Some people equate Passover with Matzah. Some people equate Passover with marathon seders. Me, I equate Passover with the Toronto Maple Leafs.
My earliest memories of Passover are arriving at my aunt’s house and hearing the curses of my cousins yelling at the Blue and White who were, as usual, being smote by Les Habitants. I recall at more than one seder, my cousin (who later became a hockey play-by-play announcer) whispering to me that the Ten Plagues over Toronto were really: Lafleur, Robinson, Lapointe, etc. I imagined Darryl Sittler was Moses, parting the Red, Blue, and White defense and blasting the puck past Drydan.
And just like the Jews who wandered for 40 years in the desert, the Leafs seem destined to do the same.
Several decades later: I still connect Jewish Holidays with the Buds. Rosh Hashanah, for example, occurs right around the beginning of the season. As I stand in synogogue remembering the good and the bad of the previous year, I take several minutes to do the same for the Leafs. Recalling the sins of the past 365 days at Yom Kippur, I recall the sins of the Leafs’ past 100 plus games. And as I engage in the ritual of self-flagellation and ask forgiveness for my lack of discipline, laziness, and stubbornness, I always give myself a few extra little smacks (my mother thinks I am being really hard on myself) for a transition game that is as weak as my five year old’s, for the slothfulness displayed on the power play, and for our defencemen’s skill at passing the puck right in front of our own net.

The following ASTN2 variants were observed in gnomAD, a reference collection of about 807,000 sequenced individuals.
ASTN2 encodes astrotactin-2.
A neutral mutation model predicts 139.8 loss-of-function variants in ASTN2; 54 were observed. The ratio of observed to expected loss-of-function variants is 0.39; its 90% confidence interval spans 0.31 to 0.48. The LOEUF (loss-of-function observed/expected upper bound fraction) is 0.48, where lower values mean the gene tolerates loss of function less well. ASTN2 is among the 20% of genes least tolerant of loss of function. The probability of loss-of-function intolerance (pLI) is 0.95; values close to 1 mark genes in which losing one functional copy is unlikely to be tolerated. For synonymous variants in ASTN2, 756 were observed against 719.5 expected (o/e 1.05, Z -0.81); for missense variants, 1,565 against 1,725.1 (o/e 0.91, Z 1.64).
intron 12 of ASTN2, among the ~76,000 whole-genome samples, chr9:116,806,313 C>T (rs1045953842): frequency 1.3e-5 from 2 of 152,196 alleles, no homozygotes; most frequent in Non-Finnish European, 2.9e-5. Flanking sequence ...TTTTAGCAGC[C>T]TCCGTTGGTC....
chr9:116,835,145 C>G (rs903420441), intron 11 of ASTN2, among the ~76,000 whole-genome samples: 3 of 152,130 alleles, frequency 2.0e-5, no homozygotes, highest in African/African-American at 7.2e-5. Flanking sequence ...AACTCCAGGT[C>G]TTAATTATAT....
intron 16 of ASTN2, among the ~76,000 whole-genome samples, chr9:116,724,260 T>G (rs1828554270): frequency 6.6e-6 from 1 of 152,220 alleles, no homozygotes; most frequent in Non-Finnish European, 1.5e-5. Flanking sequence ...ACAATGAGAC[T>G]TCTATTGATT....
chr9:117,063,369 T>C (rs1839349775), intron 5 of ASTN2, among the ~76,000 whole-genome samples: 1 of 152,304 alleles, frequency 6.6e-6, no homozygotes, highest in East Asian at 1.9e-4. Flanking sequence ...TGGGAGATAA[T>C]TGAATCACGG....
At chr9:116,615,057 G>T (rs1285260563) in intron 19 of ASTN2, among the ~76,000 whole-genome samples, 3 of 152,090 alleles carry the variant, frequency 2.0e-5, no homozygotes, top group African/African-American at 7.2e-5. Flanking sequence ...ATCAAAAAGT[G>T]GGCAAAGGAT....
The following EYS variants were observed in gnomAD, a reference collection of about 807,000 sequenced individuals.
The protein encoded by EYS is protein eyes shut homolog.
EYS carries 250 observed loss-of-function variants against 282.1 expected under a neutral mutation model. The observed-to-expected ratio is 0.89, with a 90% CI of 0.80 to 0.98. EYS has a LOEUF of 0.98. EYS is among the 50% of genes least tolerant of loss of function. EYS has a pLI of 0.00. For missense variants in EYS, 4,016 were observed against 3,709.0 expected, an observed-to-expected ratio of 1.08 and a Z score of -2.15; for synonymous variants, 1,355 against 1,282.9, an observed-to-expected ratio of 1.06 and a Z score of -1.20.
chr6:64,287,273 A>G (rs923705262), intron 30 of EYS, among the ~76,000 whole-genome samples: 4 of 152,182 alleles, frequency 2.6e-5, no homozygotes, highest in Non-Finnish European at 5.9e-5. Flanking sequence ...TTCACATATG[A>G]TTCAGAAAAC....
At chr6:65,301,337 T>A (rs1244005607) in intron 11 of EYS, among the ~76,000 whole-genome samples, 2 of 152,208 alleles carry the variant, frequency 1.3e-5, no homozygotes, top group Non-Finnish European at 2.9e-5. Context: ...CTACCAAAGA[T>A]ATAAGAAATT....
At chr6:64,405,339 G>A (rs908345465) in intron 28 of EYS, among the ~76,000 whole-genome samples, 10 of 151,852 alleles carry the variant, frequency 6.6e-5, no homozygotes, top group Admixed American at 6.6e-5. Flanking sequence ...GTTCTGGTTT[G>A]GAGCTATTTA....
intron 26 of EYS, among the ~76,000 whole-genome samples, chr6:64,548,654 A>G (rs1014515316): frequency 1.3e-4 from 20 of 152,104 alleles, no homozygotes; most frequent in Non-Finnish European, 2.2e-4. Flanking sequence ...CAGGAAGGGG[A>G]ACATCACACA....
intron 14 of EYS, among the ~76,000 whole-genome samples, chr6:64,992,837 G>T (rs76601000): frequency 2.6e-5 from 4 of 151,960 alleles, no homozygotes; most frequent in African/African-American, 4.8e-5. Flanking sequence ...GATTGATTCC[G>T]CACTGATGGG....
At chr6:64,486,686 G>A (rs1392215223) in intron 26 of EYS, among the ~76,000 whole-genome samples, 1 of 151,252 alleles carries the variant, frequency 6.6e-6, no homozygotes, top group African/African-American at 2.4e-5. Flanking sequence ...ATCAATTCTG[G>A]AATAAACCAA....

During the year, I attend Friday night services depending on how poorly the Leafs are doing. After all, what else should one do during Silent Prayer except to pray for a win during Saturday’s Hockey Night in Canada.
By Chanukah, I can figure out by the standings how reverent I have to be in the next few months.
But by Passover, all is revealed as the teams vie for playoff position-the Leafs trying to claw their way into the final playoff spot. Even the Passover rituals get into the spirit: The dry crumbly constipating matzah prepares the way for the ulcer that sits in our stomachs in those final games; the four glasses of wine which numb us knowing that the Leafs-if they even make the playoffs- will be out by the First Round; the Bitter Herbs which represent the suffering of all of us die-hard Leaf fans; the Charoset that provides a bit of sweetness when we don’t go down in four straight in the first round; the green that symbolizes the year-long colour of the grass in the inevitable home of the Stanley Cup somewhere in the Southern US; the Passover Sacrifice….need I say more.
And every year, as everyone looks at each other with hope in their eyes and recites. Next Year in Jerusalem. I look toward the Air Canada Centre, and say: Next Year the Cup.